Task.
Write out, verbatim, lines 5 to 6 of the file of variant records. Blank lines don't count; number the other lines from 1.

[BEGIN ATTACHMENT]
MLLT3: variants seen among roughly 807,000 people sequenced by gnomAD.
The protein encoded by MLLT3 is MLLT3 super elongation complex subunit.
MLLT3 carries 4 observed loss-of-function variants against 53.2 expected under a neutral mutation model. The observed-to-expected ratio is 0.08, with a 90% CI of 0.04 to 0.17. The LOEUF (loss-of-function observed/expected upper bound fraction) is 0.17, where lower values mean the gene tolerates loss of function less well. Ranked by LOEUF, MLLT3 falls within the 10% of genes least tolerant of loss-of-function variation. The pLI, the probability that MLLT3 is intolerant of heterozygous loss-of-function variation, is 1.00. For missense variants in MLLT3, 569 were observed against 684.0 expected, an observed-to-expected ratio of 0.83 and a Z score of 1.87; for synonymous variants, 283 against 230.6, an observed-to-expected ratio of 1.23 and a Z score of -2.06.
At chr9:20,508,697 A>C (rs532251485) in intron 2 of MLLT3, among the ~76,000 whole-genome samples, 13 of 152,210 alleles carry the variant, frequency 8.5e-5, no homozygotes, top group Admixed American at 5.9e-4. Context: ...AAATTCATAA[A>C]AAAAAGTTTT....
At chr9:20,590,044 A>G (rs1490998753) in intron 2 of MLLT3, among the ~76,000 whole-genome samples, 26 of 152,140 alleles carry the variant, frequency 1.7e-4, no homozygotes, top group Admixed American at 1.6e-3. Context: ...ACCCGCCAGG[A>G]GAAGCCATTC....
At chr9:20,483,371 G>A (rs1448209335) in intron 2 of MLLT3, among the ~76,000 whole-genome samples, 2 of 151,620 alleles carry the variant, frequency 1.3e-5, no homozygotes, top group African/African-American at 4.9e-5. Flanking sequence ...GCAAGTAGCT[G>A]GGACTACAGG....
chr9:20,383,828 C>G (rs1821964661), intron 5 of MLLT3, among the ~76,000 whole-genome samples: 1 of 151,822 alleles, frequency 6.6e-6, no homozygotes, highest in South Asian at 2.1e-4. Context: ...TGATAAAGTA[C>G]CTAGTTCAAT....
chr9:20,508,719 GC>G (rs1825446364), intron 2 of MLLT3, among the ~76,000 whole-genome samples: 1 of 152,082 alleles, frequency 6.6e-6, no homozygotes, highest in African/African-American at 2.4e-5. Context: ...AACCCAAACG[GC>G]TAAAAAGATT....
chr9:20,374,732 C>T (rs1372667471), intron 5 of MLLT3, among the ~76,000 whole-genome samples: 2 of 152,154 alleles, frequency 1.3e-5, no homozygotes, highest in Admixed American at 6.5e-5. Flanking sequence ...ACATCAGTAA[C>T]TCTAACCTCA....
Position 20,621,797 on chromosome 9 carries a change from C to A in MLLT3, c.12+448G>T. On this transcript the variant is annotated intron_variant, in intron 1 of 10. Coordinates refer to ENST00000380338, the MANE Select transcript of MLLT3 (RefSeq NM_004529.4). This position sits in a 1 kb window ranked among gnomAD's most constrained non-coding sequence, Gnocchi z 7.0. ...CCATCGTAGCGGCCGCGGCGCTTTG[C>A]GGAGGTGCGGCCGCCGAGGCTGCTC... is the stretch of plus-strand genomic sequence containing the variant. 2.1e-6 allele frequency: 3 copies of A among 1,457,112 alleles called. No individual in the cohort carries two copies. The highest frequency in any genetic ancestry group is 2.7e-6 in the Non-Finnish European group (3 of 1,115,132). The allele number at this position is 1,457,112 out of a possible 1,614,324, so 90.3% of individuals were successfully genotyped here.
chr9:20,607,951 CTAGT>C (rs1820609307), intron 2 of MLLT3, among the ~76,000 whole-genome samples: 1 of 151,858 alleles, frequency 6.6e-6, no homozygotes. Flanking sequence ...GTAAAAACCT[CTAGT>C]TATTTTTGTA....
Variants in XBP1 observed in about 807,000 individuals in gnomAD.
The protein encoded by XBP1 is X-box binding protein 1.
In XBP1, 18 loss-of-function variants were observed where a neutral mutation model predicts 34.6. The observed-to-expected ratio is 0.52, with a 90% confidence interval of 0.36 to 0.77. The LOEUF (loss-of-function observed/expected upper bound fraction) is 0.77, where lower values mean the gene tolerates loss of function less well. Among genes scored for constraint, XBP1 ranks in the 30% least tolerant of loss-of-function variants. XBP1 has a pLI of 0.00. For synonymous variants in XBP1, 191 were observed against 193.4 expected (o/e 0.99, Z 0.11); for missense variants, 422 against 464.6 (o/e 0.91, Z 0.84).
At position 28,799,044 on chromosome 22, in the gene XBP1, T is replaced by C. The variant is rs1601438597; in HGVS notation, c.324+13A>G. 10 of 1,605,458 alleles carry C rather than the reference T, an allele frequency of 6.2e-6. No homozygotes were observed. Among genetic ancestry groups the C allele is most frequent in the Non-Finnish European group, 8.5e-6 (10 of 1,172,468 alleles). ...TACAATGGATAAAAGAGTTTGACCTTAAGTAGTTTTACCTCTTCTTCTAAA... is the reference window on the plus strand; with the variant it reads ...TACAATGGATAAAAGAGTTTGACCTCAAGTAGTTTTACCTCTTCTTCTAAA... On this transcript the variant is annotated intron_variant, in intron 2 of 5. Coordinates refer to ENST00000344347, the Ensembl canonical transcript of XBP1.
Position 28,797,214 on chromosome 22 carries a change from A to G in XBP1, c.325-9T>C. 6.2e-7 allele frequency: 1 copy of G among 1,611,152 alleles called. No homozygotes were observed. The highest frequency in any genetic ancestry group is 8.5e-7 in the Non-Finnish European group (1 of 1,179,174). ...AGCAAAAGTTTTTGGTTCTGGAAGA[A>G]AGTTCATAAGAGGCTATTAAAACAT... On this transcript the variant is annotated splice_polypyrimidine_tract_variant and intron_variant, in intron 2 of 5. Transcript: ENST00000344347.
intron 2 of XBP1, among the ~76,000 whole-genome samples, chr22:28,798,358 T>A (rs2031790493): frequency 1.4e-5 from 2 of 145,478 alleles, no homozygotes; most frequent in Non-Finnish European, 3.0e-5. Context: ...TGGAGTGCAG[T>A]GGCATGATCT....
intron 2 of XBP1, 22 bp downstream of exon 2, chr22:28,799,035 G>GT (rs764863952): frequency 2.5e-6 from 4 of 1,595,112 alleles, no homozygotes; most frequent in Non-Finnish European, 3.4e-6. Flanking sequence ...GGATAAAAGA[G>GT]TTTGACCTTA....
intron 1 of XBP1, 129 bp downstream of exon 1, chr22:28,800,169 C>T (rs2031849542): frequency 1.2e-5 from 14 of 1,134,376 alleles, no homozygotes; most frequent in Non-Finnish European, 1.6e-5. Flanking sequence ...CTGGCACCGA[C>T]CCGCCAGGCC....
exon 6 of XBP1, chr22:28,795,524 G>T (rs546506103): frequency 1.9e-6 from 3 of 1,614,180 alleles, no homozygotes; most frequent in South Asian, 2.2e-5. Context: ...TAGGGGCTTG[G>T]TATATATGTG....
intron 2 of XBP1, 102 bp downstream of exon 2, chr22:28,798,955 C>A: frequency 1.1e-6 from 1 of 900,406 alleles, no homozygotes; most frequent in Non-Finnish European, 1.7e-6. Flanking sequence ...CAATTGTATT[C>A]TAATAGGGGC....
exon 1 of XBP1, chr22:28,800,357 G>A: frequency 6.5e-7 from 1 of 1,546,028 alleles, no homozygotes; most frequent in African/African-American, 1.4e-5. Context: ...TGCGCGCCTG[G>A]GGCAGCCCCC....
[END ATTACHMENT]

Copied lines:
At chr9:20,590,044 A>G (rs1490998753) in intron 2 of MLLT3, among the ~76,000 whole-genome samples, 26 of 152,140 alleles carry the variant, frequency 1.7e-4, no homozygotes, top group Admixed American at 1.6e-3. Context: ...ACCCGCCAGG[A>G]GAAGCCATTC....
At chr9:20,483,371 G>A (rs1448209335) in intron 2 of MLLT3, among the ~76,000 whole-genome samples, 2 of 151,620 alleles carry the variant, frequency 1.3e-5, no homozygotes, top group African/African-American at 4.9e-5. Flanking sequence ...GCAAGTAGCT[G>A]GGACTACAGG....